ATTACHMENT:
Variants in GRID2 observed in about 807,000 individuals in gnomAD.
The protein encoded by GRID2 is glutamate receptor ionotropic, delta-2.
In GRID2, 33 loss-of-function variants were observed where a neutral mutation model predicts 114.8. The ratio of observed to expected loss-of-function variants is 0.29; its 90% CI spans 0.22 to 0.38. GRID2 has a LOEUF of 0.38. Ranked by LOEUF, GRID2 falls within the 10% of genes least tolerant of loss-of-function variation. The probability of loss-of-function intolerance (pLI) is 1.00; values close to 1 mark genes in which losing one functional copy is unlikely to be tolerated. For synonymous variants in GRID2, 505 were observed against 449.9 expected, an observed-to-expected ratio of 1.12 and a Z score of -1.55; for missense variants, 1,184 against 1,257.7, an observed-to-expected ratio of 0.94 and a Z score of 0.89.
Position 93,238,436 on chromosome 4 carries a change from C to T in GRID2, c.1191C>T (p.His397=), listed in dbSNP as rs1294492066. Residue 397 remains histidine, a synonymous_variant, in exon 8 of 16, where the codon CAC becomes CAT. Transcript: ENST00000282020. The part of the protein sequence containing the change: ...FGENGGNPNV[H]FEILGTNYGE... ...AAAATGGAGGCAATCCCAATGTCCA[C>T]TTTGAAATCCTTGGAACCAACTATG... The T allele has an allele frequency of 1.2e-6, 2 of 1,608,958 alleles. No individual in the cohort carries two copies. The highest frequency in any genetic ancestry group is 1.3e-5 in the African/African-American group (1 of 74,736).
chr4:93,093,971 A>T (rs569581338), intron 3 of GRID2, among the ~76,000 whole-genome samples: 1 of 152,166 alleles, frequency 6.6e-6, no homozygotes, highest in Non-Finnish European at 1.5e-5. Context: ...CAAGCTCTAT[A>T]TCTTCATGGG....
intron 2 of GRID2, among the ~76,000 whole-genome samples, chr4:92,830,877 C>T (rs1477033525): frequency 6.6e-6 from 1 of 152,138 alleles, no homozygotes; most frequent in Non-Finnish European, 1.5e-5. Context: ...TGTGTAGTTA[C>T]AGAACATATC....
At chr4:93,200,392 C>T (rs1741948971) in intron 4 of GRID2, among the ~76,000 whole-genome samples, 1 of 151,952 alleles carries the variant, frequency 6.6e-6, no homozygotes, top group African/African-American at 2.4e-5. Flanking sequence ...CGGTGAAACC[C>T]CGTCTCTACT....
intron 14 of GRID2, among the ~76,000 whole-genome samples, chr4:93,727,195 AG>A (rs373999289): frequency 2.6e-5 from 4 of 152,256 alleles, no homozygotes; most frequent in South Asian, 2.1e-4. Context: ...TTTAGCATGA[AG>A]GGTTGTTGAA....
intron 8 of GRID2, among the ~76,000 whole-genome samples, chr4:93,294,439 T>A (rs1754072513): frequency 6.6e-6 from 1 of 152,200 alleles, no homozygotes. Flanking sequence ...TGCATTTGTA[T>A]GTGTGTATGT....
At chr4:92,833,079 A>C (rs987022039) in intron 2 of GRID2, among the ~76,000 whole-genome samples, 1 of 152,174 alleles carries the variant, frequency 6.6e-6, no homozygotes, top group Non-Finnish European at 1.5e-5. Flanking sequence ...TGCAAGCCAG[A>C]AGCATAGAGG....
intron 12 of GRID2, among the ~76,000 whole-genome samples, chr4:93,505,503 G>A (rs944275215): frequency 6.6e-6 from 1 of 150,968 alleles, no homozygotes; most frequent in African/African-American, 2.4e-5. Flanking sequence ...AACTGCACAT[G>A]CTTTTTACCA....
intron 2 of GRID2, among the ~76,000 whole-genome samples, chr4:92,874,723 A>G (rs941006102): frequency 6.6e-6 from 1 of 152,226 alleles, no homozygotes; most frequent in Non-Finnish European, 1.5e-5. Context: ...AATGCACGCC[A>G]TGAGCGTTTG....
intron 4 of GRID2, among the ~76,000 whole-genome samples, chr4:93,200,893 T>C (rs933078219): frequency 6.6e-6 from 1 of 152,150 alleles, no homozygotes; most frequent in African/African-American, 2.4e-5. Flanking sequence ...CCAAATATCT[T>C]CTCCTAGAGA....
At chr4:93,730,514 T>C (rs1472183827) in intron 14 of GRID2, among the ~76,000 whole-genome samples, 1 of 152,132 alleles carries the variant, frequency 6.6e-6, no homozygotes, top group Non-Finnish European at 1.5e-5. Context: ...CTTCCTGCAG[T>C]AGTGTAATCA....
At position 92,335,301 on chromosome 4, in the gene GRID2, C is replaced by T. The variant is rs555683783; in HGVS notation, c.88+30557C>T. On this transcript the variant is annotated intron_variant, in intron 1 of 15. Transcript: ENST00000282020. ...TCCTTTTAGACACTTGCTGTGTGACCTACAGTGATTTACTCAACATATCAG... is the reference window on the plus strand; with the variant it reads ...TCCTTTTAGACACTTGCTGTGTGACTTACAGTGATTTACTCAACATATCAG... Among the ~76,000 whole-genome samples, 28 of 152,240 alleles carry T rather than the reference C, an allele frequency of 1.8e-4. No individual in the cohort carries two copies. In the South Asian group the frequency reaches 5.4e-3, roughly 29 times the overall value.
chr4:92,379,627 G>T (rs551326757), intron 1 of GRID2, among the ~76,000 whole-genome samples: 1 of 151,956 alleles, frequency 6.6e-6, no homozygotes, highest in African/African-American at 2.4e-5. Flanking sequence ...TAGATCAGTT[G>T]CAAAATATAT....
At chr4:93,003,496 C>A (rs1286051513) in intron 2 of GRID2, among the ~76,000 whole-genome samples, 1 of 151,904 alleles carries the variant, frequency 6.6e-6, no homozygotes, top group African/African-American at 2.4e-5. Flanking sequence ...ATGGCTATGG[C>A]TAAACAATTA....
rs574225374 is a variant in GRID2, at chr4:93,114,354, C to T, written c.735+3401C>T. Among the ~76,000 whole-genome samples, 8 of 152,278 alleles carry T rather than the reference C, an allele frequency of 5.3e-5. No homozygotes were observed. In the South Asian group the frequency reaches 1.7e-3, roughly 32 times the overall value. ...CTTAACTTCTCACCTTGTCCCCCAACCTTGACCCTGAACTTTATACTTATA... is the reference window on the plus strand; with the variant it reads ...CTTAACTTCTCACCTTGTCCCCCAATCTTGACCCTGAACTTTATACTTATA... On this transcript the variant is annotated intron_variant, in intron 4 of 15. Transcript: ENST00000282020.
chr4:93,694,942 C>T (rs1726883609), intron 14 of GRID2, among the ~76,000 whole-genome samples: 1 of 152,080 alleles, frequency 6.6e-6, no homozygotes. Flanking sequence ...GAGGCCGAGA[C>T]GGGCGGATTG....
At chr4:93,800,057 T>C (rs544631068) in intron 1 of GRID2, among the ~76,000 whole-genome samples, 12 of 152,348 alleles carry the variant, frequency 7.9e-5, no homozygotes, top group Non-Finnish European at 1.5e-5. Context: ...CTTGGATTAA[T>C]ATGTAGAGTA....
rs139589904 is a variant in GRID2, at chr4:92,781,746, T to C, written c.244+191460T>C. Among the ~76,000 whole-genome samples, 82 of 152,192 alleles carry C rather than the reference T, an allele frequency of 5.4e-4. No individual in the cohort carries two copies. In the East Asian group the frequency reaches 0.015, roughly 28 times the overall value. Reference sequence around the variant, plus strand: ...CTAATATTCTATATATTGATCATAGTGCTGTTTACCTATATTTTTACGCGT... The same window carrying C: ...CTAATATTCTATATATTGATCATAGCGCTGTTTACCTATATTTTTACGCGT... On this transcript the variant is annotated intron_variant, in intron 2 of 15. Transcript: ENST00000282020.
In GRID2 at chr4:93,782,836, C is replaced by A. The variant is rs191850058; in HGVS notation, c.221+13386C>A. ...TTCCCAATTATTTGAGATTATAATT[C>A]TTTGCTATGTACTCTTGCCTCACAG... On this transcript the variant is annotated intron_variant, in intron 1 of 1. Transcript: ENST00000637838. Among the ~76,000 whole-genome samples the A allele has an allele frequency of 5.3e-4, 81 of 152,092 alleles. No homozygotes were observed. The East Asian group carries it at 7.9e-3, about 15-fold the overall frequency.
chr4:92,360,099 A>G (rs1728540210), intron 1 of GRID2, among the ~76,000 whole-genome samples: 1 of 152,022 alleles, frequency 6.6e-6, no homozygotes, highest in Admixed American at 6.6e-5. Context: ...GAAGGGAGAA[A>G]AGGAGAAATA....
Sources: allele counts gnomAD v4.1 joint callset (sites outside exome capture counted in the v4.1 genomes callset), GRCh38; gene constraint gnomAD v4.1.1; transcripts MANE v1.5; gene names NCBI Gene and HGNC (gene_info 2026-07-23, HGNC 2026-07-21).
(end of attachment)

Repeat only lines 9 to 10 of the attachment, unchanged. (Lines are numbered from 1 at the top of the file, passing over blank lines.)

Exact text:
intron 8 of GRID2, among the ~76,000 whole-genome samples, chr4:93,294,439 T>A (rs1754072513): frequency 6.6e-6 from 1 of 152,200 alleles, no homozygotes. Flanking sequence ...TGCATTTGTA[T>A]GTGTGTATGT....
At chr4:92,833,079 A>C (rs987022039) in intron 2 of GRID2, among the ~76,000 whole-genome samples, 1 of 152,174 alleles carries the variant, frequency 6.6e-6, no homozygotes, top group Non-Finnish European at 1.5e-5. Flanking sequence ...TGCAAGCCAG[A>C]AGCATAGAGG....